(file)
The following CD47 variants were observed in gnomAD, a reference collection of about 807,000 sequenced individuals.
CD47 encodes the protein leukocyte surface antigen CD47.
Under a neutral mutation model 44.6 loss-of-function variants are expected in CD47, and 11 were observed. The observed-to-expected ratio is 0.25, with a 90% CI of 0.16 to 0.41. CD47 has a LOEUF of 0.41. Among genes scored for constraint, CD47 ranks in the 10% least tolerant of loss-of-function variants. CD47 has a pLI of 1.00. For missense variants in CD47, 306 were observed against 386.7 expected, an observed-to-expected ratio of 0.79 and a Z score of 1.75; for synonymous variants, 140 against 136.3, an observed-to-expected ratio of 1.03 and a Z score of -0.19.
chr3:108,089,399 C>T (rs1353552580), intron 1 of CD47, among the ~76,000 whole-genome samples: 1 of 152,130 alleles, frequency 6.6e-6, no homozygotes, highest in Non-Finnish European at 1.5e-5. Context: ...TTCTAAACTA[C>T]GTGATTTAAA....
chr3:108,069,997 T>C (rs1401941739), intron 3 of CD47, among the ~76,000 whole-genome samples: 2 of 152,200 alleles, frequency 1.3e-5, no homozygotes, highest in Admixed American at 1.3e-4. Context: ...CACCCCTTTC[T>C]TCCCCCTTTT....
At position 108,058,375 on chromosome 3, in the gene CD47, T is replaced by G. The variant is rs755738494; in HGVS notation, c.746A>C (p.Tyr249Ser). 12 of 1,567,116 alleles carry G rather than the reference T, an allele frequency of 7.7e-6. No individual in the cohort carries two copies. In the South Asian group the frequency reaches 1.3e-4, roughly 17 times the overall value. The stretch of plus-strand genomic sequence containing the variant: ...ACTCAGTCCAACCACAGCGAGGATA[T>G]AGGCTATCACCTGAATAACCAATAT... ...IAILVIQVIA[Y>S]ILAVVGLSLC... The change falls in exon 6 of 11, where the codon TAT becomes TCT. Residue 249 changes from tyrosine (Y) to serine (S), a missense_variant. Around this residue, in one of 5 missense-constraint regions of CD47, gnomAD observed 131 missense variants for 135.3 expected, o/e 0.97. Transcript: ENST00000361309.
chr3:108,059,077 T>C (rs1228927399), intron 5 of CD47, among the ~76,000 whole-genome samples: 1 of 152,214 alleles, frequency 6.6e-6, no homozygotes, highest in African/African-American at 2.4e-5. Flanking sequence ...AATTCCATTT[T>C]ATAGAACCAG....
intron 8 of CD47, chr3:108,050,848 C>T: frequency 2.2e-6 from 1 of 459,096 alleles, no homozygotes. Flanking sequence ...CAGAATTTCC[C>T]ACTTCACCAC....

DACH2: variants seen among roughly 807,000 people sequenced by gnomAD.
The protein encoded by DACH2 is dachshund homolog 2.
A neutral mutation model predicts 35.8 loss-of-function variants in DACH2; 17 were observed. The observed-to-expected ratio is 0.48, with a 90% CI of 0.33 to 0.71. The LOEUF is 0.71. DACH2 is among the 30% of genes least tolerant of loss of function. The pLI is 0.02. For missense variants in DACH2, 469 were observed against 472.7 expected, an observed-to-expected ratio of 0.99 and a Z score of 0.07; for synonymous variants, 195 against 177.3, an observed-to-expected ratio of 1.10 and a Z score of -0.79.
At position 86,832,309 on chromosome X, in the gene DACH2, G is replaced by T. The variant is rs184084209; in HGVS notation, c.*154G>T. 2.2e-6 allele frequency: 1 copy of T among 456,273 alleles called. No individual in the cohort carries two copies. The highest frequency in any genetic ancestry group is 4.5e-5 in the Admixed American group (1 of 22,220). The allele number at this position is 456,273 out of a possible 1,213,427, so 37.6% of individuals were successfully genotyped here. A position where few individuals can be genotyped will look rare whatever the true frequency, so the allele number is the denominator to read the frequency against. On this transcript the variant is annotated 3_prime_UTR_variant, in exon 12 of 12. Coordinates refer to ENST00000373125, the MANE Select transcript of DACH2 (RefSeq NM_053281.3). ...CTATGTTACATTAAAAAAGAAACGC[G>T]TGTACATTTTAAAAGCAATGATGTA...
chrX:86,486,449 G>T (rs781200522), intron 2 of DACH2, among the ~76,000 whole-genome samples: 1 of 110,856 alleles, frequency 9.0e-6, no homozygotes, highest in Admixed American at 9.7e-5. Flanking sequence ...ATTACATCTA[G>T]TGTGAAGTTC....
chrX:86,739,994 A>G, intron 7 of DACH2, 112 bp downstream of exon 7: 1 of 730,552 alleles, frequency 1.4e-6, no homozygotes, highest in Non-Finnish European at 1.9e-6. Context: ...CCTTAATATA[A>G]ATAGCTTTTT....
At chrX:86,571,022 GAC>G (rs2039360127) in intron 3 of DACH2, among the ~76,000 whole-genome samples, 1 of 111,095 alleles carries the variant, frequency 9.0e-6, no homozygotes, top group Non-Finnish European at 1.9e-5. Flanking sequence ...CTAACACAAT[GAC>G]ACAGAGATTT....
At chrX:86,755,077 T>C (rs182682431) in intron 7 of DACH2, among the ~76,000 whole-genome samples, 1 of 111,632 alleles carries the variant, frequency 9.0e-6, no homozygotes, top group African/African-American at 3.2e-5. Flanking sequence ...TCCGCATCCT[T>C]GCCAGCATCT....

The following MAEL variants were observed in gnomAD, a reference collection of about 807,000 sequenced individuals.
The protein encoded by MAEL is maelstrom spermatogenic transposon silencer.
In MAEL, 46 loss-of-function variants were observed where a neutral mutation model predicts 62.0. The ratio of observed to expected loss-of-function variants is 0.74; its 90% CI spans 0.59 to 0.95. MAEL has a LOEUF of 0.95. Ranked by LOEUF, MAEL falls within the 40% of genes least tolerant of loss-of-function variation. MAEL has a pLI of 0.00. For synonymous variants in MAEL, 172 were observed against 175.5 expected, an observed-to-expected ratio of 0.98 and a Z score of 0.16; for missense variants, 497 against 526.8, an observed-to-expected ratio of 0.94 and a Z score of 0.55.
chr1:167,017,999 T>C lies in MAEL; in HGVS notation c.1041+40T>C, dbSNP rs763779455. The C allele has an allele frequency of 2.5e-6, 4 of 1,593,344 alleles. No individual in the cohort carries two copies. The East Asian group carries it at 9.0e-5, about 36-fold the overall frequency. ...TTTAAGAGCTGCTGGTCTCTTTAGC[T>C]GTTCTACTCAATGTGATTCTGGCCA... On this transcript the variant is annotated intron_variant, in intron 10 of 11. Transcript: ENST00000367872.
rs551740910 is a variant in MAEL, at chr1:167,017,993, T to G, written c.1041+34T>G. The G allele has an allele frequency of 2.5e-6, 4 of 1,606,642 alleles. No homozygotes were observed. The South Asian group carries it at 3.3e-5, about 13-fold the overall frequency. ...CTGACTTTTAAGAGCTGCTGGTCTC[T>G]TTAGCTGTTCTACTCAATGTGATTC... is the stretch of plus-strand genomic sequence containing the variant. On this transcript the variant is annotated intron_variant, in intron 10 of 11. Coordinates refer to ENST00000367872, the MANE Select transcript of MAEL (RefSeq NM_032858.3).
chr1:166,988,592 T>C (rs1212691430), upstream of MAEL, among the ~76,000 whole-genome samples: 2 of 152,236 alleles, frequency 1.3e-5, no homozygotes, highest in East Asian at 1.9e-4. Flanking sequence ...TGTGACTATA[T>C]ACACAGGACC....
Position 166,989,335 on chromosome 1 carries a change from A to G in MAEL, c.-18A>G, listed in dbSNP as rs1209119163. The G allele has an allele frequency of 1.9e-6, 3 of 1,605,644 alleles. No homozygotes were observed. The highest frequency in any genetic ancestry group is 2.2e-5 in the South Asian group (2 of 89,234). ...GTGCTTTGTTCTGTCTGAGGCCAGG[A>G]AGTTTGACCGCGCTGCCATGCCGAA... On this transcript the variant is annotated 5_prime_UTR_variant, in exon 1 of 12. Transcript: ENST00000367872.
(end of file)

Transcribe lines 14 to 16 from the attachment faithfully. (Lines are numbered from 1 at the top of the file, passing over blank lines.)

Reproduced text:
chrX:86,739,994 A>G, intron 7 of DACH2, 112 bp downstream of exon 7: 1 of 730,552 alleles, frequency 1.4e-6, no homozygotes, highest in Non-Finnish European at 1.9e-6. Context: ...CCTTAATATA[A>G]ATAGCTTTTT....
At chrX:86,571,022 GAC>G (rs2039360127) in intron 3 of DACH2, among the ~76,000 whole-genome samples, 1 of 111,095 alleles carries the variant, frequency 9.0e-6, no homozygotes, top group Non-Finnish European at 1.9e-5. Flanking sequence ...CTAACACAAT[GAC>G]ACAGAGATTT....
At chrX:86,755,077 T>C (rs182682431) in intron 7 of DACH2, among the ~76,000 whole-genome samples, 1 of 111,632 alleles carries the variant, frequency 9.0e-6, no homozygotes, top group African/African-American at 3.2e-5. Flanking sequence ...TCCGCATCCT[T>C]GCCAGCATCT....